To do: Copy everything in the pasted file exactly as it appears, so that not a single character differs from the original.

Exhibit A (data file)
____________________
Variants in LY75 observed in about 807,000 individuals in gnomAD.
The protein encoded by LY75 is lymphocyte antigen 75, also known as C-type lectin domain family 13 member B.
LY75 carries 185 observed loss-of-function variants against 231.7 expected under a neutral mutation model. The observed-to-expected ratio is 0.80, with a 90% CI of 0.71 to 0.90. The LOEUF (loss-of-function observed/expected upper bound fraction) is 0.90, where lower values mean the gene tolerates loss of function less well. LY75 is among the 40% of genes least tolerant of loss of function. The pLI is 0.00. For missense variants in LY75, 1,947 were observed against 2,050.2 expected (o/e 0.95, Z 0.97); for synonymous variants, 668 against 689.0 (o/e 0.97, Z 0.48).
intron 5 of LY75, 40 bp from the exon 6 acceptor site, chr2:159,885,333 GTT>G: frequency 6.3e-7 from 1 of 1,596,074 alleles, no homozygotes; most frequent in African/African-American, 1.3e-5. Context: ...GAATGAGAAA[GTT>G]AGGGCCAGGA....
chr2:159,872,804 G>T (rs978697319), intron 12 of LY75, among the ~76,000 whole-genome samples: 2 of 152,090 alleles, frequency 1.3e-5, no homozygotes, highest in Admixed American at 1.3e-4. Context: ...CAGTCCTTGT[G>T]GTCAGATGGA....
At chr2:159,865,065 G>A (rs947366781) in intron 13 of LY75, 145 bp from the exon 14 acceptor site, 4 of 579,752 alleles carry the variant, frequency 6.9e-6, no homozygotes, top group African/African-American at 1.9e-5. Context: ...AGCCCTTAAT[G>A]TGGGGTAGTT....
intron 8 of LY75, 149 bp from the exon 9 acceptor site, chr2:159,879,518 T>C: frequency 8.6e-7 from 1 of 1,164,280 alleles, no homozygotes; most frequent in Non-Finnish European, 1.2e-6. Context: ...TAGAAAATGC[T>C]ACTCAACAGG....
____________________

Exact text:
Variants in LY75 observed in about 807,000 individuals in gnomAD.
The protein encoded by LY75 is lymphocyte antigen 75, also known as C-type lectin domain family 13 member B.
LY75 carries 185 observed loss-of-function variants against 231.7 expected under a neutral mutation model. The observed-to-expected ratio is 0.80, with a 90% CI of 0.71 to 0.90. The LOEUF (loss-of-function observed/expected upper bound fraction) is 0.90, where lower values mean the gene tolerates loss of function less well. LY75 is among the 40% of genes least tolerant of loss of function. The pLI is 0.00. For missense variants in LY75, 1,947 were observed against 2,050.2 expected (o/e 0.95, Z 0.97); for synonymous variants, 668 against 689.0 (o/e 0.97, Z 0.48).
intron 5 of LY75, 40 bp from the exon 6 acceptor site, chr2:159,885,333 GTT>G: frequency 6.3e-7 from 1 of 1,596,074 alleles, no homozygotes; most frequent in African/African-American, 1.3e-5. Context: ...GAATGAGAAA[GTT>G]AGGGCCAGGA....
chr2:159,872,804 G>T (rs978697319), intron 12 of LY75, among the ~76,000 whole-genome samples: 2 of 152,090 alleles, frequency 1.3e-5, no homozygotes, highest in Admixed American at 1.3e-4. Context: ...CAGTCCTTGT[G>T]GTCAGATGGA....
At chr2:159,865,065 G>A (rs947366781) in intron 13 of LY75, 145 bp from the exon 14 acceptor site, 4 of 579,752 alleles carry the variant, frequency 6.9e-6, no homozygotes, top group African/African-American at 1.9e-5. Context: ...AGCCCTTAAT[G>A]TGGGGTAGTT....
intron 8 of LY75, 149 bp from the exon 9 acceptor site, chr2:159,879,518 T>C: frequency 8.6e-7 from 1 of 1,164,280 alleles, no homozygotes; most frequent in Non-Finnish European, 1.2e-6. Context: ...TAGAAAATGC[T>C]ACTCAACAGG....